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Text Mining and Natural Language Processing: Transforming Text into Value

Gabriel Halle in Developer Console on Mar 19, 2024


The amount of data generated daily is around 2.5 quintillion bytes – a mind-boggling volume that is too big for the human brain to conceptualize in a concrete way. Every click, every tweet, every transaction, and every sensor signal contributes to an ever-growing mountain of data.

This flood of “big data”, as it’s known, presents challenges regarding data collection, storage, and analysis. For starters, gathering this data demands robust systems that can handle its volume and complexity. Then, there's the issue of storage – keeping exabytes of data requires huge resources and efficient ways to access and manage it. But the biggest challenge comes down to analysis. Traditional methods can’t keep up, especially when it comes to textual materials.

That's where text analytics and natural language processing (NLP) comes into play. These technologies represent a burgeoning area of data science that makes extracting valuable information from raw unstructured text possible. From named entity linking to information extraction, it's time to dive into the techniques, algorithms, and tools behind modern data interpretation.

The value of data – a strategic investment

The landscape is ripe with opportunities for those keen on crafting software that capitalizes on data through text mining and NLP. Companies that broker in data mining and data science have seen dramatic increases in their valuation. That's because data is one of the most valuable assets in the world today.

Data is not just a useless byproduct of business operations but a strategic resource fueling innovation, driving decision-making, and unlocking new opportunities for growth.

Businesses that effectively harness the power of data gain a competitive edge by gaining insights into customer behavior, market trends, and operational efficiencies. As a result, investors and stakeholders increasingly view data-driven organizations as more resilient, agile, and poised for long-term success.

The diversity of data

Data can be broadly categorized into three main types: unstructured, structured, and semi-structured. We've become quite comfortable handling structured data using conventional database tools. The other two types, especially unstructured data, require more sophisticated analysis techniques.

Unstructured data

Unstructured data doesn’t follow a specific format or structure – making it the most difficult to collect, process, and analyze data. It represents the bulk of data generated daily; despite its chaotic nature, unstructured data holds a wealth of insights and value. Unstructured text data is usually qualitative data but can also include some numerical information.

Examples include:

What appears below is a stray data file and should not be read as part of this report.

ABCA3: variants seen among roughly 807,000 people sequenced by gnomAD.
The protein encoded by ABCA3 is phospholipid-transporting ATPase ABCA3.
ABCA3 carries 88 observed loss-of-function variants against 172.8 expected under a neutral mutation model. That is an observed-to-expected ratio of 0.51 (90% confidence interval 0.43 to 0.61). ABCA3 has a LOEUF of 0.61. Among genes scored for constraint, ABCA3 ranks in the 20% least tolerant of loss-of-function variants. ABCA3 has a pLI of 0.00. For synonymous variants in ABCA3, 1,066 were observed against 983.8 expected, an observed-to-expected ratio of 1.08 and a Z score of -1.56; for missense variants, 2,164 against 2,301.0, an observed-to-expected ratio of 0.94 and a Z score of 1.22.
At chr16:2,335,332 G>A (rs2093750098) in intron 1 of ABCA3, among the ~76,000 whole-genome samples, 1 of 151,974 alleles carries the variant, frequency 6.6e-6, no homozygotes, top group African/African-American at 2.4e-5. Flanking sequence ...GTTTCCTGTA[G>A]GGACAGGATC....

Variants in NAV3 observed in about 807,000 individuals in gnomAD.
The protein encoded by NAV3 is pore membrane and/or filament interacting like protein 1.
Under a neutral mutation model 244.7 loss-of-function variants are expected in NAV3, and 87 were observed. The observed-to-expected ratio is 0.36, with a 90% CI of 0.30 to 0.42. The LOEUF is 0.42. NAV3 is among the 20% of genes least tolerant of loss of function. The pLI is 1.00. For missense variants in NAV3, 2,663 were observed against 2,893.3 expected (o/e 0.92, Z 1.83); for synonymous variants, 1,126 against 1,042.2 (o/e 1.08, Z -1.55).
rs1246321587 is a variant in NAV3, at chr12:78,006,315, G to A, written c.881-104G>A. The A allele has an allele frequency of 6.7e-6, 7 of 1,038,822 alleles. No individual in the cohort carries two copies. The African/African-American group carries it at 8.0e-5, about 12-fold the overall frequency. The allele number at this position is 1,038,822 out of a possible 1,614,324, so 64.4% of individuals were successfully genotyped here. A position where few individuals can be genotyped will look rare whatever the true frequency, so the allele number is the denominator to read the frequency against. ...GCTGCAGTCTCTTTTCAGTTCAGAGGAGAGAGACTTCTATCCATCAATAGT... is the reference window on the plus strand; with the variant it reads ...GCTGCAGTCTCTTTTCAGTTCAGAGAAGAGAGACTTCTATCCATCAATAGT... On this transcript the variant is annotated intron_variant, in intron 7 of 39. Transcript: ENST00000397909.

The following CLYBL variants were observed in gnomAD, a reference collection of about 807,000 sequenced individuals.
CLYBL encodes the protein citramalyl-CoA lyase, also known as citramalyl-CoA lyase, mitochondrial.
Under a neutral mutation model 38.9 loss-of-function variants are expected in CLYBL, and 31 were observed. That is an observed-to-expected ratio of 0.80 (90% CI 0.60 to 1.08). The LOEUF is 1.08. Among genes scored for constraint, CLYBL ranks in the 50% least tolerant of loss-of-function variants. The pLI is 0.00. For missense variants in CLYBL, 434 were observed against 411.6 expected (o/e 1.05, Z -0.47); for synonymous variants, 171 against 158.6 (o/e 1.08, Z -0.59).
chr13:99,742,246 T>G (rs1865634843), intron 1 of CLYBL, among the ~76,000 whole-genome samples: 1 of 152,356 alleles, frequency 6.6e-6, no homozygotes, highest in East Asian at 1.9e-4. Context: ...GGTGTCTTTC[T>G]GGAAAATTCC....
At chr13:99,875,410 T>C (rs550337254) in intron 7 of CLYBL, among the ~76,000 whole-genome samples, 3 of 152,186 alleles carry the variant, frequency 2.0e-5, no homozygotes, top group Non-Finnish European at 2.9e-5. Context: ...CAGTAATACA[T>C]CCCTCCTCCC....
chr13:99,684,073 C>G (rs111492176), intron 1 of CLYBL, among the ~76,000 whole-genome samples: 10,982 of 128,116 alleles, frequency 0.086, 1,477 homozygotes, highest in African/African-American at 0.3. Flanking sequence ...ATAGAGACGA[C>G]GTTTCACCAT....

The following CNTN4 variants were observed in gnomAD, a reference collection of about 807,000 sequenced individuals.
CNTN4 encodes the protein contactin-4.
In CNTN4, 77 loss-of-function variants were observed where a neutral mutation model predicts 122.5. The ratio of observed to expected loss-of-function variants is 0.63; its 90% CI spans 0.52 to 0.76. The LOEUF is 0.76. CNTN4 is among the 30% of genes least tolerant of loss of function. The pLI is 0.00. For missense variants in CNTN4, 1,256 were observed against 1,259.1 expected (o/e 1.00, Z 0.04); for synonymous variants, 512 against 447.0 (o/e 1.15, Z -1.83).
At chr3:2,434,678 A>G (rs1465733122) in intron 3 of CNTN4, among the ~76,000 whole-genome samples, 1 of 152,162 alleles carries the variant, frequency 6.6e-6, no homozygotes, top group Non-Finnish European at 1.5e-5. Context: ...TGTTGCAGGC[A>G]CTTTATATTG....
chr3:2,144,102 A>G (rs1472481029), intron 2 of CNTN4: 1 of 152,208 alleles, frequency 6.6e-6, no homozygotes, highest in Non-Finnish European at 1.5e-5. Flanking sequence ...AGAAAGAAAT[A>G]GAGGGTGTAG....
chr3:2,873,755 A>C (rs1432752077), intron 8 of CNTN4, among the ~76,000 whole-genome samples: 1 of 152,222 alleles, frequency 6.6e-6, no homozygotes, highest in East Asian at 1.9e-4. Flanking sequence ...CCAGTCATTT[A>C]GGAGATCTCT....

• Text – Emails, articles, blog posts, and social media updates where the format varies widely and can include a mix of emojis, text, and hashtags.
  • Multimedia – Images, audio files, and videos.
  • Web pages – The content of web pages usually includes a mix of text, images, and dynamic content that cannot be easily cataloged into predefined tables and rows.
  • Documents – PDFs, Word documents, Google Docs, and PowerPoint presentations contain a mix of text, images, and formatting.
  • Sensor data – IoT device readings often become unstructured once combined with other data types or collected in a massive, heterogeneous dataset.

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Structured data

Structured data is highly organized and easily understandable by computers because it follows a specific format or schema. This type of data is much more straightforward because it is typically stored in relational databases as columns and rows, allowing for efficient processing and analysis. Structured data encompasses both numerical data and qualitative data.

Examples include:

  • Customer information – Names, addresses, phone numbers, and email addresses stored in a customer relationship management (CRM) system.
  • Financial records – Banking transactions, stock prices, and accounting records, where each entry is clearly defined in terms of amount, date, transaction type, etc.
  • Inventory data – Product listings in an inventory database, including product IDs, descriptions, quantities, and prices.

Semi-structured data

Semi-structured data falls somewhere between structured and unstructured data. While it does not reside in a rigid database schema, it contains tags or other markers to separate semantic elements and enable the grouping of similar data.

Examples include:

  • JSON files – Widely used in web applications for data interchange, JSON files structure data as attributed-value pairs.
  • XML documents – Provides a framework for describing data with tags, allowing for hierarchical information organization.